Obama angers Poles
By: Jacqueline Scott | May 30, 2012 | Opinion, Politics

In the United States, we are used to the idea of cultural sensitivity and cultural tolerance.  One slip of the tongue and a person could receive a verbal backhand that would make anybody cry.  This is what the President is dealing with. According to Fox News,

"the White House said the President misspoke Tuesday in bestowing the Medal of Freedom posthumously on Jan Kozielewski, alias Karski, a Polish emissary who in 1943 alerted Allied leaders to mass killing of Jews. In order to gather first-hand evidence he risked his life and was secretly smuggled into the Warsaw Ghetto and a death camp."

So what was so offensive that the Polish Prime Minster spoke up? The President said "Polish Death Camps." Apparently, in Poland, it is a culturally -sensitive topic.  Because there were so many Poles killed during this time period, the correct term is "Nazi Death Camp in occupied Poland." It's not unusual to hear "German Death Camp"and to know that not all Germans were a part of the killing.  I know this is a culturally sensitive subject, but the President was correctly referring to the location of the death camp while giving out an award for bravery.  I am sure his speech writer has been yelled at for not knowing this cultural misstep. Because we all know that Presidents don't write their own speeches, why can't we give the President a break?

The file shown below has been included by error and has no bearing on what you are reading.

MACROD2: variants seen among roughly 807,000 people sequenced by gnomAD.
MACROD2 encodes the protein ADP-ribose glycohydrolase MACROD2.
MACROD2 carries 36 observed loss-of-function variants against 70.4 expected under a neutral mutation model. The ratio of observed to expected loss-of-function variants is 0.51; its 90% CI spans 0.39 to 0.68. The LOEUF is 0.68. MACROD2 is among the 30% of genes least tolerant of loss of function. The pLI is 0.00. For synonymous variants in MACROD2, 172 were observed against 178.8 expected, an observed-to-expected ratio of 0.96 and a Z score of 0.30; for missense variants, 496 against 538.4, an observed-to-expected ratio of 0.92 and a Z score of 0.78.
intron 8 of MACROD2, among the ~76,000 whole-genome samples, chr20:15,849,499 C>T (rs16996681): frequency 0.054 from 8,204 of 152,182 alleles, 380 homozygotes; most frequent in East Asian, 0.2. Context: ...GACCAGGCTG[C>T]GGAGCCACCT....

Jacqueline is the Founder of The Sexy Politico. She's a world traveler - fueled by her love for learning. She has lived in the United States and Eastern Europe, but as of now calls Wuxi, China her home. She's proudly travelled throughout the lower 48 states in America as an army brat, navigated her way from West to East in Europe, and has seen the most urban and rural areas of Southeast Asia. Through all her journeys she managed to double major in Political Science and History w/ a minor in Southeast Asian studies at Northern Illinois University, join the Peace Corps, and teach English to children on three different continents. She has learned a few things along the way she'd like to share as advice to a future world traveller: 1) Always accept a Grandmother's home-cooked meal and 2) Never lose your wits because you never know when or where you'll need them.

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